PopLurker Recipes: A Knight’s Feast (For A Knight’s Tale)

By Alan Wittenberg

 

My weekdays this week are bordered on both sides by weekends acting at a Renaissance Faire.  So, since I’ve got chosen family in from out of town and medieval Europe on my mind, I thought we’d watch a fun semi-period movie and have a tasty semi-period feast to go along with it. Spoilers; you’re in for a little bit of a history lesson on this one, but I promise to be brief and maybe even funny.

Our film this week is another old favorite of mine.  It stars The Joker, Vision, Hoban “Wash” Washburn, and Robert Baratheon, first of his name, King of the…whatever, we’re watching A Knight’s Tale. If you don’t know the film, it’s the story of a man-at-arms who disguises himself as a nobleman to enter fighting tournaments to make money.  Of course, things go sideways occasionally, there’s a ham-fisted romantic subplot, and some pointless intrigue by the cookie cutter antagonist.  This is another “don’t analyze, just enjoy” movie, just lighthearted and fun.

One of the recurring themes throughout the film is whether a person can make more of themselves than the life they were born into.  Our hero was born to a thatcher in London and sent off to train to be a squire under some lord or knight (it doesn’t matter) so that he could be more than his father, there’s a lady blacksmith fighting all sorts of period (and contemporary) sexism, a poet with a familiar name looking to become famous, and others.  It’s a whole bunch of wholesome tropes and an absolute hoot.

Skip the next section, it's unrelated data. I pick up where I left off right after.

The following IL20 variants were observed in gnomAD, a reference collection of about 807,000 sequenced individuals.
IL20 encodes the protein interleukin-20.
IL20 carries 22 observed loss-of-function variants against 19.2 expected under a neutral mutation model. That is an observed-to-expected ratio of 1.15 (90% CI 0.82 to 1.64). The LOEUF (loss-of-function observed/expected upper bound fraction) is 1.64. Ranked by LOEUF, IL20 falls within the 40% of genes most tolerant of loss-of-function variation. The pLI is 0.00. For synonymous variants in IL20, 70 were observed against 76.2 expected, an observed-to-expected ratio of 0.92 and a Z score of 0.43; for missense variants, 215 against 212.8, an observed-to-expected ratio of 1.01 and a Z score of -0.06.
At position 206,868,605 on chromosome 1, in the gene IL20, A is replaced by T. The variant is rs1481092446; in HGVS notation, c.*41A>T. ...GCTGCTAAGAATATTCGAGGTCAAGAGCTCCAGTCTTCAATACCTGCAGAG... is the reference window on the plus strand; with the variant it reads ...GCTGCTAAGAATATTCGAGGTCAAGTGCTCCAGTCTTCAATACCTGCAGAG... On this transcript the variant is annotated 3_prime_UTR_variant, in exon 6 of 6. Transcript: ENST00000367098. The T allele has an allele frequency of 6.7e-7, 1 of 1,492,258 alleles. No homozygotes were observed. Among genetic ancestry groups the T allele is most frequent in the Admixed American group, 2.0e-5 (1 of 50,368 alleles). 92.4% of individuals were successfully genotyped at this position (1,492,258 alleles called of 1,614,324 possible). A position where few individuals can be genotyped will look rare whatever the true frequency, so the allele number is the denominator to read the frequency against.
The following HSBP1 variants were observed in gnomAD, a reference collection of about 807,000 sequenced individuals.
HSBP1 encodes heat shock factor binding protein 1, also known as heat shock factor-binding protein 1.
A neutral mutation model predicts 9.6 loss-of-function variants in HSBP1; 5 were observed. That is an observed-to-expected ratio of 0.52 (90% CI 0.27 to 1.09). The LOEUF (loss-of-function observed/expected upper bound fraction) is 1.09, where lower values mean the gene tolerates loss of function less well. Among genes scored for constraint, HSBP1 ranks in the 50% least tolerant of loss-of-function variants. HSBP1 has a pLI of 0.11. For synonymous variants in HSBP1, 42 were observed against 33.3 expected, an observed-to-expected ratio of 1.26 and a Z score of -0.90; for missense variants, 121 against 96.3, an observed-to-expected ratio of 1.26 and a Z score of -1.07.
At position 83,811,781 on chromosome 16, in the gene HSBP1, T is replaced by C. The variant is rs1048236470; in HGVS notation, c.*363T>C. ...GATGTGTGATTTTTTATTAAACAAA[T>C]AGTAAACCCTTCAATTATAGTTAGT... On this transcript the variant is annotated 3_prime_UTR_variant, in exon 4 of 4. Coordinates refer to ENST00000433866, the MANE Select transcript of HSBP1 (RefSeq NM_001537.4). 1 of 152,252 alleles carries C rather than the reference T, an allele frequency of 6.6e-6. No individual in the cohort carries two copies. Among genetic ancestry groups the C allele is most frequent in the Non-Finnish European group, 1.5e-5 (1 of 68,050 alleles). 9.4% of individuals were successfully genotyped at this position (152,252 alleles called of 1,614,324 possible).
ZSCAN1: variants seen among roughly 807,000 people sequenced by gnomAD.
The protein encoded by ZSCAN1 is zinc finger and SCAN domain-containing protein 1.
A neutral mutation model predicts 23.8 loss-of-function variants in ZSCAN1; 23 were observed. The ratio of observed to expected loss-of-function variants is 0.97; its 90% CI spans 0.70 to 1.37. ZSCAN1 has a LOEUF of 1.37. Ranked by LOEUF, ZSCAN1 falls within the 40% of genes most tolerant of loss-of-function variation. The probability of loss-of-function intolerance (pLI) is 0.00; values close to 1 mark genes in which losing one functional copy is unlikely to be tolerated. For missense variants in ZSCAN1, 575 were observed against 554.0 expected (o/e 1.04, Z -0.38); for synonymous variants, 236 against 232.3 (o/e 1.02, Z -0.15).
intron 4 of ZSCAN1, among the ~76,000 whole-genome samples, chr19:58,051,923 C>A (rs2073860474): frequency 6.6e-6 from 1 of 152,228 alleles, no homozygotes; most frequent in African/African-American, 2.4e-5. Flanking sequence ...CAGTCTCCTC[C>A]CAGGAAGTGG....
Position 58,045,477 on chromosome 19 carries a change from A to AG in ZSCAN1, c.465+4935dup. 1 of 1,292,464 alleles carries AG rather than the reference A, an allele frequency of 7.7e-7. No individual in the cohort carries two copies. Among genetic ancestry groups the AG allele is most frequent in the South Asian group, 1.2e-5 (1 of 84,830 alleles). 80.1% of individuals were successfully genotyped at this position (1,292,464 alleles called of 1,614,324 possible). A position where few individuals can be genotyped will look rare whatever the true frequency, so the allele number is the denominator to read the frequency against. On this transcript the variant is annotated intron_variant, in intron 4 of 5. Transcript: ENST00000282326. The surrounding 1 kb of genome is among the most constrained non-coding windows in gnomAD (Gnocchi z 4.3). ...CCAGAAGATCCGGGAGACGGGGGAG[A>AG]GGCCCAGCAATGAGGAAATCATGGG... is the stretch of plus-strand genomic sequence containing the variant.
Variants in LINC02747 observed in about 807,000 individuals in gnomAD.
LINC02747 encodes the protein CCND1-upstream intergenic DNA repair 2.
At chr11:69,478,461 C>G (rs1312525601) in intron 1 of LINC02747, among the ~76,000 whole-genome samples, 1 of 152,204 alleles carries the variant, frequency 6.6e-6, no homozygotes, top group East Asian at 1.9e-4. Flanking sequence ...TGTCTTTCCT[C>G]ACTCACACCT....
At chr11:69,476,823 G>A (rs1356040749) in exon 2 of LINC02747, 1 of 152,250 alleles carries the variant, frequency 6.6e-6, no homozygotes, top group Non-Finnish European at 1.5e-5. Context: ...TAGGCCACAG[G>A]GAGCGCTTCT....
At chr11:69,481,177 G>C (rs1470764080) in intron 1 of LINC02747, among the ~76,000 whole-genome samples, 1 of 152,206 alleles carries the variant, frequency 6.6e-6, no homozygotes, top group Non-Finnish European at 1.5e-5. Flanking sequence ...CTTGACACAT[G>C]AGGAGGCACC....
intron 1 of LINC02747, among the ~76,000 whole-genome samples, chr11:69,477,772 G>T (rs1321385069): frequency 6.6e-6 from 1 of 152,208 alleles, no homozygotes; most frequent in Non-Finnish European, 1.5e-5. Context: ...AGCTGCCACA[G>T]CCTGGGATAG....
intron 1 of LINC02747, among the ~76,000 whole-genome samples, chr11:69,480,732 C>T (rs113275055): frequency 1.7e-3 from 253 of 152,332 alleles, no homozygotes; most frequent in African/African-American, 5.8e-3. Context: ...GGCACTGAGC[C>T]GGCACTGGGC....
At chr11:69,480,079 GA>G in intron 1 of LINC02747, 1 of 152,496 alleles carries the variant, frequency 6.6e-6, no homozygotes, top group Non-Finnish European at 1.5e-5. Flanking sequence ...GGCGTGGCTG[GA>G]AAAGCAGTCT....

Throughout the movie, scenes of medieval markets and cities and festivals are juxtaposed with classic rock songs, some cute swipes at the fourth wall, and some other assorted anachronisms and historically inaccurate conceits.  It seemed appropriate to take some VERY old school traditional ingredients and apply modern techniques and sensibilities to them.  Renaissance cooking wasn’t exactly the most flavor or ingredient driven cuisine; most food for commoners were boiled together in a big pot until soft, barely seasoned, and slapped on a plate or a crust of bread.  Cuts of meat would have been tough and fatty, and spices would have been unheard of.